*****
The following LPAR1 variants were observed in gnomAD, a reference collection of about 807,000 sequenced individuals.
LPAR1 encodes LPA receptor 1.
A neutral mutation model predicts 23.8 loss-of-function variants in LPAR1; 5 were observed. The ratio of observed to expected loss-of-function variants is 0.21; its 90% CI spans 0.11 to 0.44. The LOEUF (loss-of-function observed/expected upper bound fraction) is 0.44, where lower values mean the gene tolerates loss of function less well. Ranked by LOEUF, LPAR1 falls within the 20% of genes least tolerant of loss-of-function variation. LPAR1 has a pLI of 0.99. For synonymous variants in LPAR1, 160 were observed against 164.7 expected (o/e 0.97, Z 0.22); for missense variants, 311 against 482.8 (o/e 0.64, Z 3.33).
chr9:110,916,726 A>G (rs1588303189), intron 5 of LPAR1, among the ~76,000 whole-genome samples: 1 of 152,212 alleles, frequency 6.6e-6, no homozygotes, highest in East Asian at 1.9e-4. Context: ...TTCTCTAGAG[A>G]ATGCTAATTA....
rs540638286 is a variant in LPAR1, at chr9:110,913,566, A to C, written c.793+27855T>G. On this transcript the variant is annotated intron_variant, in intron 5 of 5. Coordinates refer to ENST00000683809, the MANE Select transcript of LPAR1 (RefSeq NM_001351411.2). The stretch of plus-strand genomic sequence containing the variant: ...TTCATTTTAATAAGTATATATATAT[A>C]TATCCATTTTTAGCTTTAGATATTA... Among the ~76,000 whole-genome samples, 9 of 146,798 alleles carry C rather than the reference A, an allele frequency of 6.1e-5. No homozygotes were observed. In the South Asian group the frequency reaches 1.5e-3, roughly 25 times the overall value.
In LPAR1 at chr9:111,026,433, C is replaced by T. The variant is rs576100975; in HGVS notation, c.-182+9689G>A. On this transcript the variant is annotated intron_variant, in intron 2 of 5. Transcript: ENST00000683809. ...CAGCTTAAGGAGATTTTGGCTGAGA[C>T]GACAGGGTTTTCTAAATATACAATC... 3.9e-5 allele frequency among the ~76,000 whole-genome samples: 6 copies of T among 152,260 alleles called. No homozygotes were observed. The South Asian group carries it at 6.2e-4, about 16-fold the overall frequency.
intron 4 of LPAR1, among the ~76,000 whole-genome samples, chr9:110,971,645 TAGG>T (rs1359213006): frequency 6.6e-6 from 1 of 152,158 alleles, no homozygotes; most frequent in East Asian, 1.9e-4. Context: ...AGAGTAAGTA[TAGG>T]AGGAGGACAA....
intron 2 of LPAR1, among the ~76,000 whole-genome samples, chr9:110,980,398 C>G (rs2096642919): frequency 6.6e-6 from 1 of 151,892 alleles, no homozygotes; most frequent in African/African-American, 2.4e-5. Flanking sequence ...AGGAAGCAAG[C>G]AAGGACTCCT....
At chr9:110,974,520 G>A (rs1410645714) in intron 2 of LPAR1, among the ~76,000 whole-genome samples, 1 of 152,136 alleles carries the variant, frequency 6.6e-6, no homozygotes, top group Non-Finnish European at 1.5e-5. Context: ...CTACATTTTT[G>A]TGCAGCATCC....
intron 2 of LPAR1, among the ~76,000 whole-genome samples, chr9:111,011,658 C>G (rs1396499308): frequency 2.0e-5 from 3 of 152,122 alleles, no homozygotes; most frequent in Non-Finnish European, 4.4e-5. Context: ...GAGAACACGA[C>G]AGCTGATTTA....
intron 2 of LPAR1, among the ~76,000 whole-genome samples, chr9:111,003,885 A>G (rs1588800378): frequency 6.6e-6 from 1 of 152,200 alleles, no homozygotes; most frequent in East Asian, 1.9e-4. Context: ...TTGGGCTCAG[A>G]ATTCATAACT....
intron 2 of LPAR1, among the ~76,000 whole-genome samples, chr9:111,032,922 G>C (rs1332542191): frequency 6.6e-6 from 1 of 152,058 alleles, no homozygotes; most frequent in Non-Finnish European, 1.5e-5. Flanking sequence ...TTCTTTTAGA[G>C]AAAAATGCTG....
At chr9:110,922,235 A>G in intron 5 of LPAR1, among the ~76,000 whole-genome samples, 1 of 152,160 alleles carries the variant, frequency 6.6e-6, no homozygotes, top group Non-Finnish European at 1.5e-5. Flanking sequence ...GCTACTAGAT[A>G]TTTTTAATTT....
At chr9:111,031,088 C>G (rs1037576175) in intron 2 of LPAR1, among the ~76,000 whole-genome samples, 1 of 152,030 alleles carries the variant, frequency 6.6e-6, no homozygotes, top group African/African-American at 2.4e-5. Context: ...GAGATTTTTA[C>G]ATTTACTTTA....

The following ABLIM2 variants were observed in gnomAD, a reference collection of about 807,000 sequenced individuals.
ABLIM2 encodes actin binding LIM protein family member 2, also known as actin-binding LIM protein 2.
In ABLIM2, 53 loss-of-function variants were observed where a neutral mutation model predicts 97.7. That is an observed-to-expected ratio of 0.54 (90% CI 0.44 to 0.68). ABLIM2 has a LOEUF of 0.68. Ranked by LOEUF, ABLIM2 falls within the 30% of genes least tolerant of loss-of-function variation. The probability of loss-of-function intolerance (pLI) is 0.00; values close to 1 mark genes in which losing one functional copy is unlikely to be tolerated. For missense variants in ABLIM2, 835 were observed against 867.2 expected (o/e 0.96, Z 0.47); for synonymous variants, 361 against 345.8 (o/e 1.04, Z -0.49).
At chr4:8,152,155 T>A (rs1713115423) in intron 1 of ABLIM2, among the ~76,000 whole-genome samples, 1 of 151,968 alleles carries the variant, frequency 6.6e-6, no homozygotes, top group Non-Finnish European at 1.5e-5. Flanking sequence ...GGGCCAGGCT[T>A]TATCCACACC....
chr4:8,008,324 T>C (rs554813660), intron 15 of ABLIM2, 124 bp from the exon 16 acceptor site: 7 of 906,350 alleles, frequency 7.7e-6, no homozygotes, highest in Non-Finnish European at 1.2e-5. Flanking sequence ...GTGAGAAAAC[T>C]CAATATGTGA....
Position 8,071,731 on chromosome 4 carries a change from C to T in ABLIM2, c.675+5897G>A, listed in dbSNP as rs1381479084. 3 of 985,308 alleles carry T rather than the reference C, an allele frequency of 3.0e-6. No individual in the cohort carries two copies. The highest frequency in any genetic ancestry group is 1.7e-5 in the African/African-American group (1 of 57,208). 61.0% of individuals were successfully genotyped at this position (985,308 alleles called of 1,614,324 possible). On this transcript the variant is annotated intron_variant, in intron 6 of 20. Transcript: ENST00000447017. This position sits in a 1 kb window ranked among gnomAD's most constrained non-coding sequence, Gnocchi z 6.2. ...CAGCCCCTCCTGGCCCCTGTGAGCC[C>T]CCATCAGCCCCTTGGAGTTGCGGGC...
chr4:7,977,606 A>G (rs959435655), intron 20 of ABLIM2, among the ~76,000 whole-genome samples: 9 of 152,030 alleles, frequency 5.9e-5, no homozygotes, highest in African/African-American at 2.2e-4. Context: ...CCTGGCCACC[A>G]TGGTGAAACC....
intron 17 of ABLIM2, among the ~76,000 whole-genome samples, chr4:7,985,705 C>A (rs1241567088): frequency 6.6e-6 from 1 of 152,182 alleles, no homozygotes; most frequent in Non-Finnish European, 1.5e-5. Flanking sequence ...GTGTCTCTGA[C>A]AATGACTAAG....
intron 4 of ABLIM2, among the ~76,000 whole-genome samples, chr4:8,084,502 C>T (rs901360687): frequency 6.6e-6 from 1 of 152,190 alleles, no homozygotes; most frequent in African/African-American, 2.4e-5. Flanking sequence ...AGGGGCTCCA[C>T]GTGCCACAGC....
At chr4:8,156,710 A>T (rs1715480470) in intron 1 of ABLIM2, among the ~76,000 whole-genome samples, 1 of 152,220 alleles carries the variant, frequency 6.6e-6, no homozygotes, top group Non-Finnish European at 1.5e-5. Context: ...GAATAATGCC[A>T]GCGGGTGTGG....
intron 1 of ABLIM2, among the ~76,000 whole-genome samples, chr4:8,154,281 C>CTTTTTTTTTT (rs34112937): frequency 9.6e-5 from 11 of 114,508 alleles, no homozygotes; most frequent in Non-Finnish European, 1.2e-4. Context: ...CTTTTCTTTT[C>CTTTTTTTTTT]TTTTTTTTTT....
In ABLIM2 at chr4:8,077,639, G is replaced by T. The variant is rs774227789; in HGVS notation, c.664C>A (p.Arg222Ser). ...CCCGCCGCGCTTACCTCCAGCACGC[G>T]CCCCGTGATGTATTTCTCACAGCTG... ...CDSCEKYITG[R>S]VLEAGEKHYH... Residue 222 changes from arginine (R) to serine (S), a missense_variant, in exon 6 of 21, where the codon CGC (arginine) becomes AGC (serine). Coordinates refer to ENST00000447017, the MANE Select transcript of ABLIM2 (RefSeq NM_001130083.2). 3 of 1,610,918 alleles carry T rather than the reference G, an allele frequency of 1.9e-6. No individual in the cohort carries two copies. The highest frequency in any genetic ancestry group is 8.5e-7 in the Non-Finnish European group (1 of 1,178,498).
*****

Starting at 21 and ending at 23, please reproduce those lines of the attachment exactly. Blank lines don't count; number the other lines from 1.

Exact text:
chr4:7,977,606 A>G (rs959435655), intron 20 of ABLIM2, among the ~76,000 whole-genome samples: 9 of 152,030 alleles, frequency 5.9e-5, no homozygotes, highest in African/African-American at 2.2e-4. Context: ...CCTGGCCACC[A>G]TGGTGAAACC....
intron 17 of ABLIM2, among the ~76,000 whole-genome samples, chr4:7,985,705 C>A (rs1241567088): frequency 6.6e-6 from 1 of 152,182 alleles, no homozygotes; most frequent in Non-Finnish European, 1.5e-5. Flanking sequence ...GTGTCTCTGA[C>A]AATGACTAAG....
intron 4 of ABLIM2, among the ~76,000 whole-genome samples, chr4:8,084,502 C>T (rs901360687): frequency 6.6e-6 from 1 of 152,190 alleles, no homozygotes; most frequent in African/African-American, 2.4e-5. Flanking sequence ...AGGGGCTCCA[C>T]GTGCCACAGC....